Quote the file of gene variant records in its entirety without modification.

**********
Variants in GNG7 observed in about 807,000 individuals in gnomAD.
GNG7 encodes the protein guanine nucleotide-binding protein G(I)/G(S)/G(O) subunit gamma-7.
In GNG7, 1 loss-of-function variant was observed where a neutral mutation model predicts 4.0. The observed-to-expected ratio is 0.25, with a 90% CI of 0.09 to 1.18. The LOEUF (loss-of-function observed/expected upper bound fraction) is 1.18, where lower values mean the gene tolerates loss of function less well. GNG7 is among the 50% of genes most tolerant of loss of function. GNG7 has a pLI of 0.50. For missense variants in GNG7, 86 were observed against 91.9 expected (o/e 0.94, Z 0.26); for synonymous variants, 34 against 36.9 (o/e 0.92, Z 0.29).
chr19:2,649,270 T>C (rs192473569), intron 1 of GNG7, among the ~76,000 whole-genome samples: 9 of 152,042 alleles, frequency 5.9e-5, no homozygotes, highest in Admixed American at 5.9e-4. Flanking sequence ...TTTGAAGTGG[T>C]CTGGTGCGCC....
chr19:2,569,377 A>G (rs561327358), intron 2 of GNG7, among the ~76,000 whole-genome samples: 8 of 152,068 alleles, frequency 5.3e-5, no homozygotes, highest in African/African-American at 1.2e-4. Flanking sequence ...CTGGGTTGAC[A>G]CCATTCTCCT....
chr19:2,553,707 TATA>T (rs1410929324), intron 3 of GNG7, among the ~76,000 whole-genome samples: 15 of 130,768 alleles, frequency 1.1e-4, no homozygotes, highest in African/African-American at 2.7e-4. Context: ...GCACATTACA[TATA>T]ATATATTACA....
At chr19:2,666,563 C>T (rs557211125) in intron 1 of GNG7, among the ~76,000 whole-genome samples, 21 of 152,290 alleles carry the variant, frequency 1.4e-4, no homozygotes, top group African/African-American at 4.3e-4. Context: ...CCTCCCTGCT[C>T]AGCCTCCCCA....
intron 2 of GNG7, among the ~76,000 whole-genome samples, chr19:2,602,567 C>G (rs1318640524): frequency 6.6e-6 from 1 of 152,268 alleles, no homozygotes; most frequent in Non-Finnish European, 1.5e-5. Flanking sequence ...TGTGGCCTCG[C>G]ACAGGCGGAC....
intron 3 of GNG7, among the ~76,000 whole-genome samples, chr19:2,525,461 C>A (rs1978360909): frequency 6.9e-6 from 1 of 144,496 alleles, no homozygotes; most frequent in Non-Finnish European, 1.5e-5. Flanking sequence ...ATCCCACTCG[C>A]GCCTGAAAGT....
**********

Variants in GNG7 observed in about 807,000 individuals in gnomAD.
GNG7 encodes the protein guanine nucleotide-binding protein G(I)/G(S)/G(O) subunit gamma-7.
In GNG7, 1 loss-of-function variant was observed where a neutral mutation model predicts 4.0. The observed-to-expected ratio is 0.25, with a 90% CI of 0.09 to 1.18. The LOEUF (loss-of-function observed/expected upper bound fraction) is 1.18, where lower values mean the gene tolerates loss of function less well. GNG7 is among the 50% of genes most tolerant of loss of function. GNG7 has a pLI of 0.50. For missense variants in GNG7, 86 were observed against 91.9 expected (o/e 0.94, Z 0.26); for synonymous variants, 34 against 36.9 (o/e 0.92, Z 0.29).
chr19:2,649,270 T>C (rs192473569), intron 1 of GNG7, among the ~76,000 whole-genome samples: 9 of 152,042 alleles, frequency 5.9e-5, no homozygotes, highest in Admixed American at 5.9e-4. Flanking sequence ...TTTGAAGTGG[T>C]CTGGTGCGCC....
chr19:2,569,377 A>G (rs561327358), intron 2 of GNG7, among the ~76,000 whole-genome samples: 8 of 152,068 alleles, frequency 5.3e-5, no homozygotes, highest in African/African-American at 1.2e-4. Flanking sequence ...CTGGGTTGAC[A>G]CCATTCTCCT....
chr19:2,553,707 TATA>T (rs1410929324), intron 3 of GNG7, among the ~76,000 whole-genome samples: 15 of 130,768 alleles, frequency 1.1e-4, no homozygotes, highest in African/African-American at 2.7e-4. Context: ...GCACATTACA[TATA>T]ATATATTACA....
At chr19:2,666,563 C>T (rs557211125) in intron 1 of GNG7, among the ~76,000 whole-genome samples, 21 of 152,290 alleles carry the variant, frequency 1.4e-4, no homozygotes, top group African/African-American at 4.3e-4. Context: ...CCTCCCTGCT[C>T]AGCCTCCCCA....
intron 2 of GNG7, among the ~76,000 whole-genome samples, chr19:2,602,567 C>G (rs1318640524): frequency 6.6e-6 from 1 of 152,268 alleles, no homozygotes; most frequent in Non-Finnish European, 1.5e-5. Flanking sequence ...TGTGGCCTCG[C>G]ACAGGCGGAC....
intron 3 of GNG7, among the ~76,000 whole-genome samples, chr19:2,525,461 C>A (rs1978360909): frequency 6.9e-6 from 1 of 144,496 alleles, no homozygotes; most frequent in Non-Finnish European, 1.5e-5. Flanking sequence ...ATCCCACTCG[C>A]GCCTGAAAGT....